It is not my purpose to jump into that particular fray now aside from saying I don’t believe we’re witnessing any sort of crisis of legitimacy more than a crisis of leadership. Yes, there are probably some adjustments that could be considered to reduce the fractiousness that arises between the single so-called mayoral mandate and those of 44 councillors. Electing more citywide representatives might be a step in that direction but that’s for another post.

No, my concern here is the reaction of conservative voices to Mayor Ford’s diminishing position on council. The inchoate screeds from the Toronto Sun’s Sue Ann Levy are to be expected. Any reversal of fortune the mayor encounters will always be the devious, underhanded work of pampered left wing, kooky socialists to her mind, such as it is. It only begs for schoolyard nicknames.

But such baseless outpouring of drivel from Marcus Gee of the Globe and Mail is far more troubling. Messy political infighting plunges City Hall into chaos screams the headline of his article on Tuesday. ‘Low rent borgias’, ‘a power-drunk left-wing opposition’, he labelled those who took control of the TTC from the mayor on Monday. He states: The mayor is badly hobbled, but who runs the show in his place? before concluding As fascinating as it is to watch all this ad hocery, it leaves Toronto with a drifting, leaderless government at a time when it needs firm direction more than ever.

I’ve never met Mr. Gee but, from a distance, he seems like an amiable enough chap. While I think it safe to call him conservative leaning, he hardly comes across in his writing as some sort promoter of authoritarianism. Yet, here he is predicating the successful, smooth running of a city with the powerful leadership of one person, the mayor. Without that, well, we’re plunging into the darkness of chaos. Oh my god, the PTA is disbanding!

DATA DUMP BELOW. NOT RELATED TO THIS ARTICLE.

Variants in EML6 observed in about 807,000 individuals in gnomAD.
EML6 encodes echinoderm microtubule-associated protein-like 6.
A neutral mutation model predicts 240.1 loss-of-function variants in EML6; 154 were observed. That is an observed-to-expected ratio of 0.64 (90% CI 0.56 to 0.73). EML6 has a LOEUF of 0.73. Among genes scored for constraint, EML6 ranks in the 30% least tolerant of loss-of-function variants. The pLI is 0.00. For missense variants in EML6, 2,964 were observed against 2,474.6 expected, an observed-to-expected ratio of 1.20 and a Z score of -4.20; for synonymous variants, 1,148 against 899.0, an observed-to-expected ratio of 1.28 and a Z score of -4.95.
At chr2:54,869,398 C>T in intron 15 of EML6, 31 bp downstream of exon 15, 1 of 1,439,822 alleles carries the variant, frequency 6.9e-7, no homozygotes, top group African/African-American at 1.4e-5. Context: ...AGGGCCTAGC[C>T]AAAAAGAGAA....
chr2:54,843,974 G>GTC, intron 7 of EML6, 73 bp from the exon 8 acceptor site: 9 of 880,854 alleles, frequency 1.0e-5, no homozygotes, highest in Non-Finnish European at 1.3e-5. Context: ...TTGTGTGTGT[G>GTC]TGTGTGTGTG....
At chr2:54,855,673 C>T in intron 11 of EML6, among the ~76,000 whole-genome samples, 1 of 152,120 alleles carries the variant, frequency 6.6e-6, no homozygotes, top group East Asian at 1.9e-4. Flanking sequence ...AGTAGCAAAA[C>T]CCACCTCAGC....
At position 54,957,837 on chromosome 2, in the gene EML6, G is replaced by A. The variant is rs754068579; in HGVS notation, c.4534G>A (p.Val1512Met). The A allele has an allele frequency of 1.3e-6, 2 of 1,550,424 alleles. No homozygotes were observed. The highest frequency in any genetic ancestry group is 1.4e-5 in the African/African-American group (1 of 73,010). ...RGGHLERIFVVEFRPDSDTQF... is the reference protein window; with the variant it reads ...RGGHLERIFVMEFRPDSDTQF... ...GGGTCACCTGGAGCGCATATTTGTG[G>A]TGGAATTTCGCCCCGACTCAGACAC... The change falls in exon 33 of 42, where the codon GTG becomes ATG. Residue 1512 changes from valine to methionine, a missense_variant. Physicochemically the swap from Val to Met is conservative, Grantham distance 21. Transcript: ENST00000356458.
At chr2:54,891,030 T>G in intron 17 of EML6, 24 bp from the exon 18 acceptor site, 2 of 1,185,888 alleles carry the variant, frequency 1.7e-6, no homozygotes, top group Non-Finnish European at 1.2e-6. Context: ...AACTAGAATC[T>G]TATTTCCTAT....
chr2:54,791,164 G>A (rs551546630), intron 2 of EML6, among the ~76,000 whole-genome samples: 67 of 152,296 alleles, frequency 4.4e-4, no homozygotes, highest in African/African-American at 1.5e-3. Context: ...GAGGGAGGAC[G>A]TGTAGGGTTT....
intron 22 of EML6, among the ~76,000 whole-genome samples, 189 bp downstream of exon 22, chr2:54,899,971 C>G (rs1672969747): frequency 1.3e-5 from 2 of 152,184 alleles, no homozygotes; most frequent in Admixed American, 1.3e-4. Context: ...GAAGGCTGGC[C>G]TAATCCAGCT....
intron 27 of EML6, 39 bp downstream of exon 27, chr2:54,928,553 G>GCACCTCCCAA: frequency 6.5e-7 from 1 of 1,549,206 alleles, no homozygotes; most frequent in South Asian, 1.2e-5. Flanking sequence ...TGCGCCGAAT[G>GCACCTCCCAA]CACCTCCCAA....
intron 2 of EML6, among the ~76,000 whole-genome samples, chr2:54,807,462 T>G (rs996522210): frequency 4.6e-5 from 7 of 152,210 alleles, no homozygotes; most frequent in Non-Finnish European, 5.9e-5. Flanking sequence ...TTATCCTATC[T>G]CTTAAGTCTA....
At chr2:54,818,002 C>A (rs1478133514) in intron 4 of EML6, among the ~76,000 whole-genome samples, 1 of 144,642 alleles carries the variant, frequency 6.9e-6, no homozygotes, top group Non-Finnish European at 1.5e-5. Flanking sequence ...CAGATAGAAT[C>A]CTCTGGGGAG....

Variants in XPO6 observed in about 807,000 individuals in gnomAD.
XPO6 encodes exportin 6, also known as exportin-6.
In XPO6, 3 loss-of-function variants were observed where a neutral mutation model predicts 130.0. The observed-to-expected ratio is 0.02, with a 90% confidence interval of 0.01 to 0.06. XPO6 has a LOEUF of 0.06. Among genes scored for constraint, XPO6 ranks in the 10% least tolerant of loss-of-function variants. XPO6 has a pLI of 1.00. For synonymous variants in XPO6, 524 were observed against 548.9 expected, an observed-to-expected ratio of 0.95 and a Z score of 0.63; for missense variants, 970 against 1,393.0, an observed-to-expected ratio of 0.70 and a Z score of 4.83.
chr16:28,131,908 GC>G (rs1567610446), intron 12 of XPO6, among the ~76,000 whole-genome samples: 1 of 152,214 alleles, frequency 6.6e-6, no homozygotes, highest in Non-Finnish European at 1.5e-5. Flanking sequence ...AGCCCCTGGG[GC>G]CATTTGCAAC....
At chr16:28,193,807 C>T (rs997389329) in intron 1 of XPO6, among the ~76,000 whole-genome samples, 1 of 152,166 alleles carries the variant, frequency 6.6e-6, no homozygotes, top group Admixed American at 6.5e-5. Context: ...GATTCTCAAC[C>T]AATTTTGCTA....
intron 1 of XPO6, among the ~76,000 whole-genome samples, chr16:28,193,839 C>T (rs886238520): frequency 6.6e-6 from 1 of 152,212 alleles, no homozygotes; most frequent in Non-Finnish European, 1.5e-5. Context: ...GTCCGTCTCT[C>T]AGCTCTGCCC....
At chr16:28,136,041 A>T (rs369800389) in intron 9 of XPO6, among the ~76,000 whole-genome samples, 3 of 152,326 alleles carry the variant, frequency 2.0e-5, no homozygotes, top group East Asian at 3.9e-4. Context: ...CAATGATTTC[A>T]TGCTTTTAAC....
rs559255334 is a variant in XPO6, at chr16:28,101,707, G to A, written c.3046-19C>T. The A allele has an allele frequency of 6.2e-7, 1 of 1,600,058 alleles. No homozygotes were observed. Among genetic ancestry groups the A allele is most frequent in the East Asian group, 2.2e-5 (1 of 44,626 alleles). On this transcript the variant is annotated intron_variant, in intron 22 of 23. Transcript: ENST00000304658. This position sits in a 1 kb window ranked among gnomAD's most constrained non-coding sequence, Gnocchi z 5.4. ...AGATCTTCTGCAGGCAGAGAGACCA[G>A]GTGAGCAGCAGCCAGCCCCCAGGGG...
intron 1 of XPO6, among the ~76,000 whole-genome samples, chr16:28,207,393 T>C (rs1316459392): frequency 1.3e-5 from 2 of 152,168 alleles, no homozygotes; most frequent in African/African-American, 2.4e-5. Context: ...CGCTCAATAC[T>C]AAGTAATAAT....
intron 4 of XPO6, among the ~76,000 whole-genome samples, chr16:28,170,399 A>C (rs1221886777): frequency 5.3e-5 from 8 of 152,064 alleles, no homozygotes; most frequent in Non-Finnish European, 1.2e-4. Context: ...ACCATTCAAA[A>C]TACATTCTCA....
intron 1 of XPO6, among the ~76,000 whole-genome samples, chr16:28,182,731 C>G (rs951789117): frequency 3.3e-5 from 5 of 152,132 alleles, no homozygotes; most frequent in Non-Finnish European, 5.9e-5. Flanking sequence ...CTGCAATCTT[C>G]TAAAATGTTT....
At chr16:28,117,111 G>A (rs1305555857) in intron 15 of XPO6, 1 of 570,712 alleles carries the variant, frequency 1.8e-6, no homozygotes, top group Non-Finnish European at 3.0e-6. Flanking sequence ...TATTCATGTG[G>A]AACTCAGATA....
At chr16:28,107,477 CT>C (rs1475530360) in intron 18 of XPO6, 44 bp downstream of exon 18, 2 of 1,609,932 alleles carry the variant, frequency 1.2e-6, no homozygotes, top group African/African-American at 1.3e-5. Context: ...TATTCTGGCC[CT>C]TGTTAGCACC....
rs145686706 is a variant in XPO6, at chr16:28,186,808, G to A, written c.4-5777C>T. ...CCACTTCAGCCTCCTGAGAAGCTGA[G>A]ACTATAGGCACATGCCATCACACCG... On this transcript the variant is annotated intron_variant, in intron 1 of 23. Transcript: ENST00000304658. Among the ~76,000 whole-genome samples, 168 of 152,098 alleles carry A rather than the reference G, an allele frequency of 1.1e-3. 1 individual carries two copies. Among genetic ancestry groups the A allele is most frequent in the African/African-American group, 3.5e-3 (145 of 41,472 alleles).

Such a sentiment is not only highly anti-democratic but it also suggests a very blinkered view of the workings of our municipal government. And to promote the notion that the 29 councillors voting to assume control of the TTC from the mayor who has badly fumbled the transit file are driven by nothing more than left-wing ideology is, well, pure fabrication. Since when did Councillor Karen Stintz become left wing? Or councillors Gary, Crawford, Peter Milczyn, Cesar Palacio, John Parker, James Pasternak, Jaye Robinson, Gloria Lindsay Luby, Chin Lee, Josh Colle? By making such a claim, Mr. Gee is simply propagating the left-right storyline that the mayor regularly spouts.

Aside from the increasingly potent opposition to Mayor Ford not being ideologically cohesive, it spans the entirety of the city, further exploding the divisive urban-suburban myth the mayor so heavily relies on. There is not a former pre-amalgamation municipality not represented in the 29 councillors who stood up against the mayor on the TTC vote. Right of centre Etobicoke councillor Gloria Lindsay Luby joined forces with leftie Scarborough councillor Glenn De Baeremaeker as part of the team with North York centrist Councillor Jaye Robinson and champagne sipping, downtown socialist Councillor Gord Perks.

We should be celebrating this move toward a city wide conciliation instead of shrieking about the collapse of local democracy. Why do we think that one person steamrolling over 22 others to fulfill a mandate or agenda is how a city best runs? While it might fit nicely into a lazy narrative, it is profoundly autocratic loving. Sadly, it also passes as rigid conservative orthodoxy these days.

happily submitted by Cityslikr